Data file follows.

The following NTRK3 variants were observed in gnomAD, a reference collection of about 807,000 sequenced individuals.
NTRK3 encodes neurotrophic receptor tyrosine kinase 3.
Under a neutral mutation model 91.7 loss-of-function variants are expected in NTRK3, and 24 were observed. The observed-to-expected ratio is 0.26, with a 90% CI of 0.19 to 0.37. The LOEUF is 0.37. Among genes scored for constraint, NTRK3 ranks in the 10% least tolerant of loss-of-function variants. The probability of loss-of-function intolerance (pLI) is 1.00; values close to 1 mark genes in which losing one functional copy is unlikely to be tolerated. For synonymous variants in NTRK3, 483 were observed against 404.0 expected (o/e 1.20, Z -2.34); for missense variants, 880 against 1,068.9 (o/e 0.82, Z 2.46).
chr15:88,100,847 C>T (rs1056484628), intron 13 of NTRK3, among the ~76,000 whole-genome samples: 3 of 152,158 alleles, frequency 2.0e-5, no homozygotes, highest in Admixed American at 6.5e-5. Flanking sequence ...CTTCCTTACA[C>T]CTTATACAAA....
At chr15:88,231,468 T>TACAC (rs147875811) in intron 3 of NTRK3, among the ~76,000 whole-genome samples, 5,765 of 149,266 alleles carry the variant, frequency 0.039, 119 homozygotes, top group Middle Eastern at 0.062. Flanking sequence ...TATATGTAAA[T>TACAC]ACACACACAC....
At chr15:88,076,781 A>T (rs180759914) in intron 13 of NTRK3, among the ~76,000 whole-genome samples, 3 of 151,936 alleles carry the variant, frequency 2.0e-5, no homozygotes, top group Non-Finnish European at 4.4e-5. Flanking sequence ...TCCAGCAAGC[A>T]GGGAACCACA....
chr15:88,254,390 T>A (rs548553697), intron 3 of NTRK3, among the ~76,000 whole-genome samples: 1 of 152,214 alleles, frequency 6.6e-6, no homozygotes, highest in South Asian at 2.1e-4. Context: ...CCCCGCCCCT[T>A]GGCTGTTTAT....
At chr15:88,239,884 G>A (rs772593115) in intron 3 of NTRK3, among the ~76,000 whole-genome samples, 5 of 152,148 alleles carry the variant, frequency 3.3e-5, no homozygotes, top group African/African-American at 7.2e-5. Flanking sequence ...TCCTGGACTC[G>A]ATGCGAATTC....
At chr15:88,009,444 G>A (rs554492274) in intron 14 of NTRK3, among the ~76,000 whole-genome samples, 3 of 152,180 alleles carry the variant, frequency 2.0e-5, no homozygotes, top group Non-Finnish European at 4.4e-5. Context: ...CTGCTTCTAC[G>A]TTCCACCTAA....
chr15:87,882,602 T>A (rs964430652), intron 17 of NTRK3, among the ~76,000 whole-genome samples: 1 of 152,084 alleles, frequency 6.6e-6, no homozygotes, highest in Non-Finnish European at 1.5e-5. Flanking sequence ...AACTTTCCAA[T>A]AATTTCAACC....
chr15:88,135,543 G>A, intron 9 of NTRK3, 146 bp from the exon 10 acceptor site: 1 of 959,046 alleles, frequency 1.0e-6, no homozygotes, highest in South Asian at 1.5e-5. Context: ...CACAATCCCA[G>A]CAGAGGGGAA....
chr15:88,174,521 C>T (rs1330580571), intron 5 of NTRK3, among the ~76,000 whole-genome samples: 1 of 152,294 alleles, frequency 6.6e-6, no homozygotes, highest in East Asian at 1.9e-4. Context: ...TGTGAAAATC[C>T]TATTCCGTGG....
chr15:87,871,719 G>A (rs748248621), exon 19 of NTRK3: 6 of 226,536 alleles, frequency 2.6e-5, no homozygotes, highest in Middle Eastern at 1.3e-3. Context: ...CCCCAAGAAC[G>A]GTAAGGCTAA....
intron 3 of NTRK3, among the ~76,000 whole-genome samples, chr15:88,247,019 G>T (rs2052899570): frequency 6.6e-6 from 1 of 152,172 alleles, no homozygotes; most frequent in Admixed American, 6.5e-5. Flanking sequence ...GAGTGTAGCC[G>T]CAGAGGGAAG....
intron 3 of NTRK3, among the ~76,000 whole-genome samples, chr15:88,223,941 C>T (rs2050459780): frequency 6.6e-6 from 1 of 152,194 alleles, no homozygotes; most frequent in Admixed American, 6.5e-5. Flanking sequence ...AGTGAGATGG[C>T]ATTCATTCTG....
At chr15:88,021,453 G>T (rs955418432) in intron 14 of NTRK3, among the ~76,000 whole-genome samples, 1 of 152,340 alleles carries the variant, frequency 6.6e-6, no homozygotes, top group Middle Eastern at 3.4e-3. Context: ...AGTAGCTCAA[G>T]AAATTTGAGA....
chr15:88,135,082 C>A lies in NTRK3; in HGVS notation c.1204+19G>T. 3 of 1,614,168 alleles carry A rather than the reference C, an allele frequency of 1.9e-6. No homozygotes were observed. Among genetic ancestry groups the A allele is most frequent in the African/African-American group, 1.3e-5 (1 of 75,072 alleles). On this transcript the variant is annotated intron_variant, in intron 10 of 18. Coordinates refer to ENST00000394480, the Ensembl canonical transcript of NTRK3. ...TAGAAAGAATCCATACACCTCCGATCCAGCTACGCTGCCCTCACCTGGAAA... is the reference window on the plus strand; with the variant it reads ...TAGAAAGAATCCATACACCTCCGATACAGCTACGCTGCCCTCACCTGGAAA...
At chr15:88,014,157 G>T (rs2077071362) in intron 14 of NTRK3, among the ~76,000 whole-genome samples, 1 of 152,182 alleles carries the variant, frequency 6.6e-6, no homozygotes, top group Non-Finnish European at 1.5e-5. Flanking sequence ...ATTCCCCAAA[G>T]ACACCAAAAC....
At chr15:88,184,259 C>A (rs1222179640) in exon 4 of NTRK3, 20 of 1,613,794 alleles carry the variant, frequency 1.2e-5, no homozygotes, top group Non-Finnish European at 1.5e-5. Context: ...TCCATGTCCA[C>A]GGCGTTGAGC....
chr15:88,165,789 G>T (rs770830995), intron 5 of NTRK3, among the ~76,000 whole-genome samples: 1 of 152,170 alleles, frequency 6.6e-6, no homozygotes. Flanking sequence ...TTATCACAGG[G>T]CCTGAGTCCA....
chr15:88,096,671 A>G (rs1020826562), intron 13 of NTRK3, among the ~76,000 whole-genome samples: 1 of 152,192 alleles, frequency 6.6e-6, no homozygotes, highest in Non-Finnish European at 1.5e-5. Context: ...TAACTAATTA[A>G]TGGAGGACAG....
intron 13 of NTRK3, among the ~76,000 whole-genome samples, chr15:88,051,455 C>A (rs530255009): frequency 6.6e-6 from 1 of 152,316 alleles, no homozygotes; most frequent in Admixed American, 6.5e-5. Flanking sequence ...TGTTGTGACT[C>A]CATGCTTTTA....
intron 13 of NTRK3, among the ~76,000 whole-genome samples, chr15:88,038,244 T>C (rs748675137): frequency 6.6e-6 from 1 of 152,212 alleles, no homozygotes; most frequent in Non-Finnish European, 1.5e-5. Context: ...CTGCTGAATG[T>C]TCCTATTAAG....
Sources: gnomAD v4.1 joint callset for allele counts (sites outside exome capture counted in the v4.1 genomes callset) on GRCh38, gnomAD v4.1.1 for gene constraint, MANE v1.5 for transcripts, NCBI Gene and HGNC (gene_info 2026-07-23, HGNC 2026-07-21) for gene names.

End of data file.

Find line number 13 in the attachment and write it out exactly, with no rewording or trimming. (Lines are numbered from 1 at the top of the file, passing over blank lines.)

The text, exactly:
chr15:87,871,719 G>A (rs748248621), exon 19 of NTRK3: 6 of 226,536 alleles, frequency 2.6e-5, no homozygotes, highest in Middle Eastern at 1.3e-3. Context: ...CCCCAAGAAC[G>A]GTAAGGCTAA....